Jeff Gordon: From Sprint Cars to Sprint Cup

Jeff Gordon

Jeff Gordon climbed into a sprint car for the first time at a young age.

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KNOXVILLE, Iowa - Many tributes to honor Jeff Gordon's final full-time NASCAR Sprint Cup season have been held at racetracks this season and this weekend, it will extend to the world of winged sprint cars.

Jeff Gordon, who cut his teeth racing winged sprint cars before making the move to stock cars, returned to Knoxville Raceway – the sprint car capital of the world - on Wednesday.

"I have always loved dirt track racing it's really where I got my start," Gordon said. "I'll always have a connection there and anytime I get a chance to go watch a race whether it's on the Internet, TV or in person I'm going to jump at that opportunity."

Gordon has attended the opening day of the Knoxville Nationals for the past four seasons but this time around, it was even more special.

Larson Marks Racing and driver Shane Stewart are honoring Gordon for the 55th FVP Knoxville Nationals by running a special paint scheme that resembles the first sprint car Gordon drove. Stewart, who usually drives the No. 2 entry, will sport the No. 16 for this event, which was Gordon's number at that time. The car also will carry the logos of Kick-It, a program and partner of the Jeff Gordon Children's Foundation which raises money for pediatric cancer research.

"It's extremely special," Gordon said. "I’m excited to see Shane Stewart drive it in the Knoxville Nationals. It means the world to me and we are going to get a lot of attention for Kick-It and pediatric cancer as well."

Gordon's role in sprint car racing has impacted so many and it started at an early age ...

The Beginning
Growing up in California, Gordon was introduced to sprint cars at a young age through his parents. When he wasn't racing his quarter-midget, he would attend sprint car races with his family.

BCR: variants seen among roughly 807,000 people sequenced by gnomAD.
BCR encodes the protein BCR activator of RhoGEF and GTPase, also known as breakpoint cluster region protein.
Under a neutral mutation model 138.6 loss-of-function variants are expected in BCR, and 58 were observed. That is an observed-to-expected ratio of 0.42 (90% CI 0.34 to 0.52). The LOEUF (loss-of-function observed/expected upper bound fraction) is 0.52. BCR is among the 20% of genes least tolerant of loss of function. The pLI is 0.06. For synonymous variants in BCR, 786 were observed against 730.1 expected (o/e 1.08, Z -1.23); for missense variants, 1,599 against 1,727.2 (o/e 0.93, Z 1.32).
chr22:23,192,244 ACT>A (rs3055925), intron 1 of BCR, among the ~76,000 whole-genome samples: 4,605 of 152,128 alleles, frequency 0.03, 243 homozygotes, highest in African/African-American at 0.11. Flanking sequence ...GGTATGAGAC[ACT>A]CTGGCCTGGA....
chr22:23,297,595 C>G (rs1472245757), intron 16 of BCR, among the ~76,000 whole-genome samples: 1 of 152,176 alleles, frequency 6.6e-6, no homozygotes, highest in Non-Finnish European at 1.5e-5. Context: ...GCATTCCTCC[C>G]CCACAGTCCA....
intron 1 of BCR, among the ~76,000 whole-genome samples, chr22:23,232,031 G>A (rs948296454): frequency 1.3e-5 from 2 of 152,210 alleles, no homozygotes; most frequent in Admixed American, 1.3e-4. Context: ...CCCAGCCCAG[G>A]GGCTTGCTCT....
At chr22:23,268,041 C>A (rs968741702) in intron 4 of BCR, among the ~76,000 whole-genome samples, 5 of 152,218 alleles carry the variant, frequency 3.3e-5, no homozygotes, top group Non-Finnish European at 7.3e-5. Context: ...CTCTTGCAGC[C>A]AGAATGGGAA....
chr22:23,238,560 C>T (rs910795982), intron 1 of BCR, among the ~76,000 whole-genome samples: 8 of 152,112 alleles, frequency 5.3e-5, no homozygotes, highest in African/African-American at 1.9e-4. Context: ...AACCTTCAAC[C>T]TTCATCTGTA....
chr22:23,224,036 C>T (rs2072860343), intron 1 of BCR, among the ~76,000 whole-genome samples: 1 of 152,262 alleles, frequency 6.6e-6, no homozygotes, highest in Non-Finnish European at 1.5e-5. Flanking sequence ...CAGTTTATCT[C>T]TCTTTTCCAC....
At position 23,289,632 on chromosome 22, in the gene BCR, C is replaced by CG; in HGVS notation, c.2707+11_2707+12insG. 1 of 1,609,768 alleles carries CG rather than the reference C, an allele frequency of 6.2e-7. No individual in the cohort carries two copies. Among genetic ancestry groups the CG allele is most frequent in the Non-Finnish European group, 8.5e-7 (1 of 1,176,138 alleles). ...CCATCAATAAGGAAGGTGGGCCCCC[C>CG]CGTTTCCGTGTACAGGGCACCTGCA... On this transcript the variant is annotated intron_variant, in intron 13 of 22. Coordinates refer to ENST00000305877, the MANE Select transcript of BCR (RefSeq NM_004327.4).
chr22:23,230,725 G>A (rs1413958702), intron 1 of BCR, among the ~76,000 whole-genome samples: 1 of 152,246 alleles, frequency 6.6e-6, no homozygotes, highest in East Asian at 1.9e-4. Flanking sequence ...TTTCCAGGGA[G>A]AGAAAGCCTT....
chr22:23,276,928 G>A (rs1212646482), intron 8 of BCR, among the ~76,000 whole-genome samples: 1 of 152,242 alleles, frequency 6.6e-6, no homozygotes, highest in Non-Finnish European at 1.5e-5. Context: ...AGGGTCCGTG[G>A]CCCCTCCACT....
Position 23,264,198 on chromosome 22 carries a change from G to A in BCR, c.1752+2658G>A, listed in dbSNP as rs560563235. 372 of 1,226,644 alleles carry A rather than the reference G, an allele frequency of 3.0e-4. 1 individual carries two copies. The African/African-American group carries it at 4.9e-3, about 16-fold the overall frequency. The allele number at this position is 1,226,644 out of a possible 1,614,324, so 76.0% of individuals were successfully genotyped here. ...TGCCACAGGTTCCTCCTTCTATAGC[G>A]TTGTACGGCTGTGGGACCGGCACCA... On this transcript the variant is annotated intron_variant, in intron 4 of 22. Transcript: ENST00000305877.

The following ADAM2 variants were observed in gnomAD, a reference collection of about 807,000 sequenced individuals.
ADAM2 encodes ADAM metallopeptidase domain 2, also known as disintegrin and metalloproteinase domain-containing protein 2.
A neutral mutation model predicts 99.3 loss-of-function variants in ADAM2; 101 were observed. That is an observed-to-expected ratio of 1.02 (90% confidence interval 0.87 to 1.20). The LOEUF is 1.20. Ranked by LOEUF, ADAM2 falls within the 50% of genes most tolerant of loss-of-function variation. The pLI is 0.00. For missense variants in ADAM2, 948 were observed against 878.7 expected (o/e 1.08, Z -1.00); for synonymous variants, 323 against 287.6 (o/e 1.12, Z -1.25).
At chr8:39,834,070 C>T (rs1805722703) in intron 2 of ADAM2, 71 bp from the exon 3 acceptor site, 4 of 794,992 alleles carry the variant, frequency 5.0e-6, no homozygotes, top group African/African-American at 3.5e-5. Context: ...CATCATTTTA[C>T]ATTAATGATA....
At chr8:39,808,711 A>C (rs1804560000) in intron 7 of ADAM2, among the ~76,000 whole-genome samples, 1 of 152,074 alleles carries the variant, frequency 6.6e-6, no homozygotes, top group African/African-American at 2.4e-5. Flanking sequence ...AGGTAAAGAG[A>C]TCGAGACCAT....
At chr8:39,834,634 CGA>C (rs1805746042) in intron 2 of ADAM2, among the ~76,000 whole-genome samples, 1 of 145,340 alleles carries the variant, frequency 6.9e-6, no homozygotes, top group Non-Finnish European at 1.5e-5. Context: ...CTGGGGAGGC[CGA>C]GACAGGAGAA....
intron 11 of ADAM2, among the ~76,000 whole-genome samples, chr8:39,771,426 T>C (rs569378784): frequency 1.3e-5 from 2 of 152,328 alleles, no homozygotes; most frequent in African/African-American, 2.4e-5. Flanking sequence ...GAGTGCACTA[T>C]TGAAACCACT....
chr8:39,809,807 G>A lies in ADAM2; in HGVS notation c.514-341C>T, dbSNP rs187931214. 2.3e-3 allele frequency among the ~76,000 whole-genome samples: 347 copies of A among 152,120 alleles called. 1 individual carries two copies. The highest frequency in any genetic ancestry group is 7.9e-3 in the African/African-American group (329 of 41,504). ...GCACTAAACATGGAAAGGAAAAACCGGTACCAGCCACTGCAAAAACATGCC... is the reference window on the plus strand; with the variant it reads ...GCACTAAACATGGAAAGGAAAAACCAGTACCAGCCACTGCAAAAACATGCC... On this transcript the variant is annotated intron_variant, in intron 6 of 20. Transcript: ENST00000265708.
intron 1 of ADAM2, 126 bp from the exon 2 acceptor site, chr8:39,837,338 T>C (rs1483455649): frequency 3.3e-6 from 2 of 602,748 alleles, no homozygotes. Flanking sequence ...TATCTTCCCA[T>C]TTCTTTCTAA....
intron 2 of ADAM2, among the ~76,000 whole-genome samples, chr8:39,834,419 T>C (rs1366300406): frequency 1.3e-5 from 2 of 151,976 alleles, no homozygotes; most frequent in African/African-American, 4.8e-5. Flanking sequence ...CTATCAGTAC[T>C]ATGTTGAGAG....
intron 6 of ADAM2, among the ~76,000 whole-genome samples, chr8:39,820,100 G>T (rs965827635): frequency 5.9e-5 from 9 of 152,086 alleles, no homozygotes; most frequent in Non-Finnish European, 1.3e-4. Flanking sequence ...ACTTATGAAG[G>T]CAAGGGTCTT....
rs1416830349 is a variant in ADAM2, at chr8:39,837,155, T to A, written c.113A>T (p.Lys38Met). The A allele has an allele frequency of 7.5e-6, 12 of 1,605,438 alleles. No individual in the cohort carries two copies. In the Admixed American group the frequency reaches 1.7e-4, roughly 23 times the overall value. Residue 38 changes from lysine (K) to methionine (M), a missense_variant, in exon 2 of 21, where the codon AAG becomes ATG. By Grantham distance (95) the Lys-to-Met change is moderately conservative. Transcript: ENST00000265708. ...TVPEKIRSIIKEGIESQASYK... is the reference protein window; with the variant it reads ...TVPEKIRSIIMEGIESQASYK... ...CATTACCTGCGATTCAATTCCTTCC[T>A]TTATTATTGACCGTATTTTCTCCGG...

"I always loved sprint cars," Gordon said. "When I started racing quarter-midgets we weren’t far from West Capitol Speedway. Vallejo, where I grew up, actually had a dirt track where some sprint cars raced."

Gordon's bedroom walls were covered with pictures of his sprint car idols and he dreamed of competing in those types of cars. After racing BMX bikes at the age of four, quarter-midgets and go-karts, Gordon was looking to advance to a sprint car. But his young age was holding him back. A door opened when Gordon noticed an article about a young driver that was racing sprint cars in Florida named Sport Allen.

"I was surrounded by sprint car racing and by being a quarter-midget racer made me look into more sprint car racing," Gordon said. "I became a huge fan through 'Open Wheel' magazine and one day I opened it up and saw an article on Sport Allen that ended up inspiring me, but primarily my parents to put me in a sprint car under the age of 16."

With a solution to the age-limit problem, Gordon's stepfather - John Bickford, who was instrumental in helping Gordon's racing career - took the next steps to get him a sprint car. Bickford contacted Lee Osborne in Jamestown, Ind., to get an Osborne chassis shipped to California, where Bickford and Gordon built it from the ground up.

The first time Gordon ever started that car was on a dirt road back from where he lived.